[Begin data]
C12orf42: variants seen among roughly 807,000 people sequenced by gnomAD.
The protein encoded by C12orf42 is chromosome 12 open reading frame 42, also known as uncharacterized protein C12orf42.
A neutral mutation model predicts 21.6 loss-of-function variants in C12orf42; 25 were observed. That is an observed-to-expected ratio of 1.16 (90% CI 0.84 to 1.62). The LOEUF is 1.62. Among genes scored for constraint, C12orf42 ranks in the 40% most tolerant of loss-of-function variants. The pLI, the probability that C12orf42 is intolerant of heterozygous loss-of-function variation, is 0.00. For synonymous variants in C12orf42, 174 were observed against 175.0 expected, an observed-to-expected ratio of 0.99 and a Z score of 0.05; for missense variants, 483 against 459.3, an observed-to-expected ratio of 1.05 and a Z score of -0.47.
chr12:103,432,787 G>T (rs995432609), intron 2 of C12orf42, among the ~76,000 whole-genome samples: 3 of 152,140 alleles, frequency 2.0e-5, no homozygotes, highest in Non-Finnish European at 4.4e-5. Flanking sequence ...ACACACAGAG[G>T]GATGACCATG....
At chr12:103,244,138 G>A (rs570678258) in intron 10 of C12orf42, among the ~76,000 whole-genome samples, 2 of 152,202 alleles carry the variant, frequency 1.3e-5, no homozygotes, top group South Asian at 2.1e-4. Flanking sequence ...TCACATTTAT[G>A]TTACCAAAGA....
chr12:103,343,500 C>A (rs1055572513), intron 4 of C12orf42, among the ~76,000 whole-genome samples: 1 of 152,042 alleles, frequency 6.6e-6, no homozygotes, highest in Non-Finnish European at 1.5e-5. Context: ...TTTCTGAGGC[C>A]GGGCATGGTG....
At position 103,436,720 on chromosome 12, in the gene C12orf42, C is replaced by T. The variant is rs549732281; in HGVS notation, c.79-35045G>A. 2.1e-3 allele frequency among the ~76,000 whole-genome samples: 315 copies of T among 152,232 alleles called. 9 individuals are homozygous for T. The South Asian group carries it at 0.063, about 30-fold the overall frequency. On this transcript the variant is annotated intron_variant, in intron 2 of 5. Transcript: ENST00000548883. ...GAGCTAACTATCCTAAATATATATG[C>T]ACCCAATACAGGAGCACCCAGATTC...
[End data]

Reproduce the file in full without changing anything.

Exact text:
C12orf42: variants seen among roughly 807,000 people sequenced by gnomAD.
The protein encoded by C12orf42 is chromosome 12 open reading frame 42, also known as uncharacterized protein C12orf42.
A neutral mutation model predicts 21.6 loss-of-function variants in C12orf42; 25 were observed. That is an observed-to-expected ratio of 1.16 (90% CI 0.84 to 1.62). The LOEUF is 1.62. Among genes scored for constraint, C12orf42 ranks in the 40% most tolerant of loss-of-function variants. The pLI, the probability that C12orf42 is intolerant of heterozygous loss-of-function variation, is 0.00. For synonymous variants in C12orf42, 174 were observed against 175.0 expected, an observed-to-expected ratio of 0.99 and a Z score of 0.05; for missense variants, 483 against 459.3, an observed-to-expected ratio of 1.05 and a Z score of -0.47.
chr12:103,432,787 G>T (rs995432609), intron 2 of C12orf42, among the ~76,000 whole-genome samples: 3 of 152,140 alleles, frequency 2.0e-5, no homozygotes, highest in Non-Finnish European at 4.4e-5. Flanking sequence ...ACACACAGAG[G>T]GATGACCATG....
At chr12:103,244,138 G>A (rs570678258) in intron 10 of C12orf42, among the ~76,000 whole-genome samples, 2 of 152,202 alleles carry the variant, frequency 1.3e-5, no homozygotes, top group South Asian at 2.1e-4. Flanking sequence ...TCACATTTAT[G>A]TTACCAAAGA....
chr12:103,343,500 C>A (rs1055572513), intron 4 of C12orf42, among the ~76,000 whole-genome samples: 1 of 152,042 alleles, frequency 6.6e-6, no homozygotes, highest in Non-Finnish European at 1.5e-5. Context: ...TTTCTGAGGC[C>A]GGGCATGGTG....
At position 103,436,720 on chromosome 12, in the gene C12orf42, C is replaced by T. The variant is rs549732281; in HGVS notation, c.79-35045G>A. 2.1e-3 allele frequency among the ~76,000 whole-genome samples: 315 copies of T among 152,232 alleles called. 9 individuals are homozygous for T. The South Asian group carries it at 0.063, about 30-fold the overall frequency. On this transcript the variant is annotated intron_variant, in intron 2 of 5. Transcript: ENST00000548883. ...GAGCTAACTATCCTAAATATATATG[C>T]ACCCAATACAGGAGCACCCAGATTC...